This afternoon the Yankees start a ten-game homestand against three teams they aren’t chasing in the standings. Well, technically they are chasing the Blue Jays, but the AL East title is out of reach at this point. The Yankees have to focus on the second wildcard spot. One thing at a time.
The Blue Jays have owned the Yankees since the second half of last season. It’s not even funny anymore. They’re 18-7 against New York since last year’s trade deadline, including 10-3 at Yankee Stadium, and good gravy is that capital-A Annoying. The only way the Yankees can get to the postseason this year is by putting an end to that. They have seven games left with Toronto and they have to start beating them. Here is the Blue Jays’ lineup and here is the Yankees’ lineup:
- LF Brett Gardner
- CF Jacoby Ellsbury
- C Gary Sanchez
- 3B Chase Headley
- SS Didi Gregorius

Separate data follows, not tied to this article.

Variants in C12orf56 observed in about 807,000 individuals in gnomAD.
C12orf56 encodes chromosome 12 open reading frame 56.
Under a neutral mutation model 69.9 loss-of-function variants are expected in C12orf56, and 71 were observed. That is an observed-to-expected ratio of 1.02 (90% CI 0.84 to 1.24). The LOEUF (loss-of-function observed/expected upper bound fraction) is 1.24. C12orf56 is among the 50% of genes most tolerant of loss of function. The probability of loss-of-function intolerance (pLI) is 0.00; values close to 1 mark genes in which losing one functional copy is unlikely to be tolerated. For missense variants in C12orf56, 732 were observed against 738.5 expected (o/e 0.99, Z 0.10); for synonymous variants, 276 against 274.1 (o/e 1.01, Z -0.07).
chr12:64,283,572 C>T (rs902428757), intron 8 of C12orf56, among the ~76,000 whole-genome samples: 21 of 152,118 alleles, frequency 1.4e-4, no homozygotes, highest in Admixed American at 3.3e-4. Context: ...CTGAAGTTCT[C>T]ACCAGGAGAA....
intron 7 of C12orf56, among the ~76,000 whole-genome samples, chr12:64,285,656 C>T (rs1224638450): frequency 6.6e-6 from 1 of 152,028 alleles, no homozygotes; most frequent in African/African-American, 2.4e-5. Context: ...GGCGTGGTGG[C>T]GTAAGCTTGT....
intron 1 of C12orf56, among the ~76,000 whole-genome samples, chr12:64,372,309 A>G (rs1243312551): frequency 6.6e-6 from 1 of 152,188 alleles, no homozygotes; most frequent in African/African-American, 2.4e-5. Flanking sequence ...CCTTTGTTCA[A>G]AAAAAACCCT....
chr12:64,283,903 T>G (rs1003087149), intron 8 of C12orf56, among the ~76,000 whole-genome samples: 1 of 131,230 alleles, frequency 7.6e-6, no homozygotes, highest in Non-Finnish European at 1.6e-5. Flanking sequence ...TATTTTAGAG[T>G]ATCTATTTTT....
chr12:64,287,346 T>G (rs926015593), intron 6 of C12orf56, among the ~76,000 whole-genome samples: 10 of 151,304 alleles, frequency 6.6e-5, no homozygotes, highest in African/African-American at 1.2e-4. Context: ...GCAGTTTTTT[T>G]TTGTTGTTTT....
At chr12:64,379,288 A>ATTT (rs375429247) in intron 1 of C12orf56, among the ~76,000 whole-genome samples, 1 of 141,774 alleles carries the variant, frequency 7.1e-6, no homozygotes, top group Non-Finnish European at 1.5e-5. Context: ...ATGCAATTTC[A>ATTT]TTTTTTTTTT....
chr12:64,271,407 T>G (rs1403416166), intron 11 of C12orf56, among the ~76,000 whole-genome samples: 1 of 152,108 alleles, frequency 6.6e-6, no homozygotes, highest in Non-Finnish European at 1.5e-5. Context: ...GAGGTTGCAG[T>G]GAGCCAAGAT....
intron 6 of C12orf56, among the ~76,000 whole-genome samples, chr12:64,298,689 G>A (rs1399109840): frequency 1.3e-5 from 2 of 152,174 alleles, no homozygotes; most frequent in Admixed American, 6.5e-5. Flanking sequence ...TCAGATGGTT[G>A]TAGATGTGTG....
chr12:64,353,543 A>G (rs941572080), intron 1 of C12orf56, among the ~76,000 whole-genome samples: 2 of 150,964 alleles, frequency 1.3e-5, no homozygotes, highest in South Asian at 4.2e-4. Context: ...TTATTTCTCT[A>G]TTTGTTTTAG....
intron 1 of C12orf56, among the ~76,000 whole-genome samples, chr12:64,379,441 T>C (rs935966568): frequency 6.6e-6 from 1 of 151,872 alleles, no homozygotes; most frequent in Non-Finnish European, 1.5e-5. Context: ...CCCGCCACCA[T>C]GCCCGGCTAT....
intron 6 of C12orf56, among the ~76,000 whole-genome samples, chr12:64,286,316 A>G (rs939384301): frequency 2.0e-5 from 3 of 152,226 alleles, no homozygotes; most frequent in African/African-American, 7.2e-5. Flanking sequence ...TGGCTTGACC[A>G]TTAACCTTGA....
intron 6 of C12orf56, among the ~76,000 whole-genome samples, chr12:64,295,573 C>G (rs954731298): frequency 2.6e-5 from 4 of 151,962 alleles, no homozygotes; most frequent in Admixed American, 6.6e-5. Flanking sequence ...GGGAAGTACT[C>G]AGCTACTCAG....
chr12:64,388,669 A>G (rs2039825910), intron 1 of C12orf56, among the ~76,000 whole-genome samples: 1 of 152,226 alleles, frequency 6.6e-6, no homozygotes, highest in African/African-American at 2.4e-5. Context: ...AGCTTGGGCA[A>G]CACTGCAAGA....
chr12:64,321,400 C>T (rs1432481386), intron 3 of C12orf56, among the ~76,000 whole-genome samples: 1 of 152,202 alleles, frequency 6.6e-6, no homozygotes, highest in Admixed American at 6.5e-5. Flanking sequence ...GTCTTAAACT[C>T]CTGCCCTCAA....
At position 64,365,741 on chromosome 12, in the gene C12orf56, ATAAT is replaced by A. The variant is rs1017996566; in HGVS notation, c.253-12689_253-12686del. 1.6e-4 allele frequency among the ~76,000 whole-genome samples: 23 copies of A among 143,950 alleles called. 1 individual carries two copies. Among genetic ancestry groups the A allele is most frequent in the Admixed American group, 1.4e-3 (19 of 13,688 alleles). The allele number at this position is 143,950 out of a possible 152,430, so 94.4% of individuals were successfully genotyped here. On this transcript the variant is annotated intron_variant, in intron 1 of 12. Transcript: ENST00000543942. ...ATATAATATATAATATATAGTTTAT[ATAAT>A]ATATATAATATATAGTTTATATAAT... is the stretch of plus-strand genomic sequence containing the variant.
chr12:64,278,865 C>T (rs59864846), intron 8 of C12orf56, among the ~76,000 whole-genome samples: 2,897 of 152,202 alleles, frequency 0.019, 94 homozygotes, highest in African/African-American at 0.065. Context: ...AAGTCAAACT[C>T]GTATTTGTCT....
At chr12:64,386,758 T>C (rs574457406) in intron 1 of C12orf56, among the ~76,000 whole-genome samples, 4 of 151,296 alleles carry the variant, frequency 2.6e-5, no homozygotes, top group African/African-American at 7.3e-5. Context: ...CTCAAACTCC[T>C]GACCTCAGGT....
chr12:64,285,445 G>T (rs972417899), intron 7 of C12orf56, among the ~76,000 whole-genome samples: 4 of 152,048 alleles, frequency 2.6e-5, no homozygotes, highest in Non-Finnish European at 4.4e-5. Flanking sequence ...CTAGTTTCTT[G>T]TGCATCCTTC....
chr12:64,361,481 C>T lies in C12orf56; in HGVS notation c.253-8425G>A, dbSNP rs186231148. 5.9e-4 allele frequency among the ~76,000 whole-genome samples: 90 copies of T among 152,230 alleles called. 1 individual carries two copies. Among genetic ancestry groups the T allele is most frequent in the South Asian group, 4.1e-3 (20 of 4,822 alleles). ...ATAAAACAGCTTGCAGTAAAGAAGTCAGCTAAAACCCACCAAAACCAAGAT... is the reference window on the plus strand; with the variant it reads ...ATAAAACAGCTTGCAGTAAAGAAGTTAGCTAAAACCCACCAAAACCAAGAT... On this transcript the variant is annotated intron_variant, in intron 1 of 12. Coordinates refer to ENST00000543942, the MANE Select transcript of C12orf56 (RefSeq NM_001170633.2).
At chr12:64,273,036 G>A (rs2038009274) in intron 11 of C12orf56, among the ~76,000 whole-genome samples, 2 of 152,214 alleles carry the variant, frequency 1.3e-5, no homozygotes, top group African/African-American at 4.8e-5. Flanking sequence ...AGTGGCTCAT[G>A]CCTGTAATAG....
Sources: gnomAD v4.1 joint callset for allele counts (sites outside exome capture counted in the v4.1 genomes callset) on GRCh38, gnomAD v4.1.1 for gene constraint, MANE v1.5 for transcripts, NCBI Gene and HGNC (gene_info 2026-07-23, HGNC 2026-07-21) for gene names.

- 2B Starlin Castro
- DH Austin Romine
- RF Aaron Judge
- 1B Tyler Austin
RHP Masahiro Tanaka
It’s a little cloudy in New York today but otherwise the weather is really nice. Temperatures in the low-80s and no humidity. Nice afternoon to spend at the park. This afternoon’s game will begin at 1:05pm ET and you can watch on YES. Enjoy.
Injury Update: Greg Bird (shoulder) has joined the Yankees but he won’t be activated. He’s going to rehab with the team rather than in Tampa. Bird threw in the outfield and took swings in the batting cage for the first time since surgery today. He’ll face live pitching in Instructional League later this month before heading to the Arizona Fall League.
Rotation Update: Joe Girardi said the plan right now is to replaced the injured Chad Green with a bullpen day on Wednesday. There are eleven relievers in the bullpen right now, plus the Yankees could always call up more now that rosters expanded, so innings won’t be a problem. Will they be quality innings? That’s a very different question.
Is this is a big homestand? Yes, this is a big homestand. The Yankees open this ten-game homestand with the first of three against the Blue Jays this afternoon, a team that has completely dominated them since last year’s trade deadline. The Bombers are 7-18 against the Blue Jays since last July 31st, including 3-10 at Yankee Stadium. Woof. If the Yankees want to get to the postseason, they have to start beating the Blue Jays and soon. No way around it.